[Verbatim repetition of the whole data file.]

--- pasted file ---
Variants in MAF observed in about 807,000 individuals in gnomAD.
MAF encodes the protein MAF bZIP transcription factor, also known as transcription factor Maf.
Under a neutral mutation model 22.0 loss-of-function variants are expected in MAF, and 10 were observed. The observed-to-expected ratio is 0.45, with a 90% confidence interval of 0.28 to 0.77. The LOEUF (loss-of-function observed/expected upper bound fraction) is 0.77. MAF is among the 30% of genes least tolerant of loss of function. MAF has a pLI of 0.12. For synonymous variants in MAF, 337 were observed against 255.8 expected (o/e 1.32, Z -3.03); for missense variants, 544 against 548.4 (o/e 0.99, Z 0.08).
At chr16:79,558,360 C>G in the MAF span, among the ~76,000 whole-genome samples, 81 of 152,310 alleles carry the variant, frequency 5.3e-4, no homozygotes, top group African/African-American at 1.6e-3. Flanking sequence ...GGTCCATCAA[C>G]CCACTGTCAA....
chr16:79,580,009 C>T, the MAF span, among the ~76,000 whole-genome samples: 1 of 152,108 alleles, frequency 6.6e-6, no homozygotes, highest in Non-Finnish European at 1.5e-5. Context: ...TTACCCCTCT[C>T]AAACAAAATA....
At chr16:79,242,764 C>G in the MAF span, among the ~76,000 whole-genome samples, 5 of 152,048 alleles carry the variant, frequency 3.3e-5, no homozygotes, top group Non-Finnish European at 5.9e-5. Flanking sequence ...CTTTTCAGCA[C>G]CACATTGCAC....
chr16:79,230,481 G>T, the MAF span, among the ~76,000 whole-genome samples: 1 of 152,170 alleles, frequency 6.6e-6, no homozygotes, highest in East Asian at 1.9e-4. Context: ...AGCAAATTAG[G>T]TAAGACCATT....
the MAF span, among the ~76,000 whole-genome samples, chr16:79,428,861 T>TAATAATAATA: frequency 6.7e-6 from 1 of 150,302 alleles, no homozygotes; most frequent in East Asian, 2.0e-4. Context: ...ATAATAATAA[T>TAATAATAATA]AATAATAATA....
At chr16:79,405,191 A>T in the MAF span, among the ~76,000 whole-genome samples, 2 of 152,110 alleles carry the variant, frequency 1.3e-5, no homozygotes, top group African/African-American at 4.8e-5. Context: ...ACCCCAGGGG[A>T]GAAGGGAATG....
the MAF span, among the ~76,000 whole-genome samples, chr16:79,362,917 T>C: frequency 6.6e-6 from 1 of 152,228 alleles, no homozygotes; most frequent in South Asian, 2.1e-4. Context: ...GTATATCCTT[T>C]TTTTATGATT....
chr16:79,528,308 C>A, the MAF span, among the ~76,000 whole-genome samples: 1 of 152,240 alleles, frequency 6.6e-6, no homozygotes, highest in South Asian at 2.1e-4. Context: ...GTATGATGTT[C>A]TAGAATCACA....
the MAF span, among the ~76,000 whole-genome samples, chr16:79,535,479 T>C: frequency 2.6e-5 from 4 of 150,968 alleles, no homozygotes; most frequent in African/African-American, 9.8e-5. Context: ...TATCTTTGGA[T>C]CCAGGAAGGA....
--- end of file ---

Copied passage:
Variants in MAF observed in about 807,000 individuals in gnomAD.
MAF encodes the protein MAF bZIP transcription factor, also known as transcription factor Maf.
Under a neutral mutation model 22.0 loss-of-function variants are expected in MAF, and 10 were observed. The observed-to-expected ratio is 0.45, with a 90% confidence interval of 0.28 to 0.77. The LOEUF (loss-of-function observed/expected upper bound fraction) is 0.77. MAF is among the 30% of genes least tolerant of loss of function. MAF has a pLI of 0.12. For synonymous variants in MAF, 337 were observed against 255.8 expected (o/e 1.32, Z -3.03); for missense variants, 544 against 548.4 (o/e 0.99, Z 0.08).
At chr16:79,558,360 C>G in the MAF span, among the ~76,000 whole-genome samples, 81 of 152,310 alleles carry the variant, frequency 5.3e-4, no homozygotes, top group African/African-American at 1.6e-3. Flanking sequence ...GGTCCATCAA[C>G]CCACTGTCAA....
chr16:79,580,009 C>T, the MAF span, among the ~76,000 whole-genome samples: 1 of 152,108 alleles, frequency 6.6e-6, no homozygotes, highest in Non-Finnish European at 1.5e-5. Context: ...TTACCCCTCT[C>T]AAACAAAATA....
At chr16:79,242,764 C>G in the MAF span, among the ~76,000 whole-genome samples, 5 of 152,048 alleles carry the variant, frequency 3.3e-5, no homozygotes, top group Non-Finnish European at 5.9e-5. Flanking sequence ...CTTTTCAGCA[C>G]CACATTGCAC....
chr16:79,230,481 G>T, the MAF span, among the ~76,000 whole-genome samples: 1 of 152,170 alleles, frequency 6.6e-6, no homozygotes, highest in East Asian at 1.9e-4. Context: ...AGCAAATTAG[G>T]TAAGACCATT....
the MAF span, among the ~76,000 whole-genome samples, chr16:79,428,861 T>TAATAATAATA: frequency 6.7e-6 from 1 of 150,302 alleles, no homozygotes; most frequent in East Asian, 2.0e-4. Context: ...ATAATAATAA[T>TAATAATAATA]AATAATAATA....
At chr16:79,405,191 A>T in the MAF span, among the ~76,000 whole-genome samples, 2 of 152,110 alleles carry the variant, frequency 1.3e-5, no homozygotes, top group African/African-American at 4.8e-5. Context: ...ACCCCAGGGG[A>T]GAAGGGAATG....
the MAF span, among the ~76,000 whole-genome samples, chr16:79,362,917 T>C: frequency 6.6e-6 from 1 of 152,228 alleles, no homozygotes; most frequent in South Asian, 2.1e-4. Context: ...GTATATCCTT[T>C]TTTTATGATT....
chr16:79,528,308 C>A, the MAF span, among the ~76,000 whole-genome samples: 1 of 152,240 alleles, frequency 6.6e-6, no homozygotes, highest in South Asian at 2.1e-4. Context: ...GTATGATGTT[C>A]TAGAATCACA....
the MAF span, among the ~76,000 whole-genome samples, chr16:79,535,479 T>C: frequency 2.6e-5 from 4 of 150,968 alleles, no homozygotes; most frequent in African/African-American, 9.8e-5. Context: ...TATCTTTGGA[T>C]CCAGGAAGGA....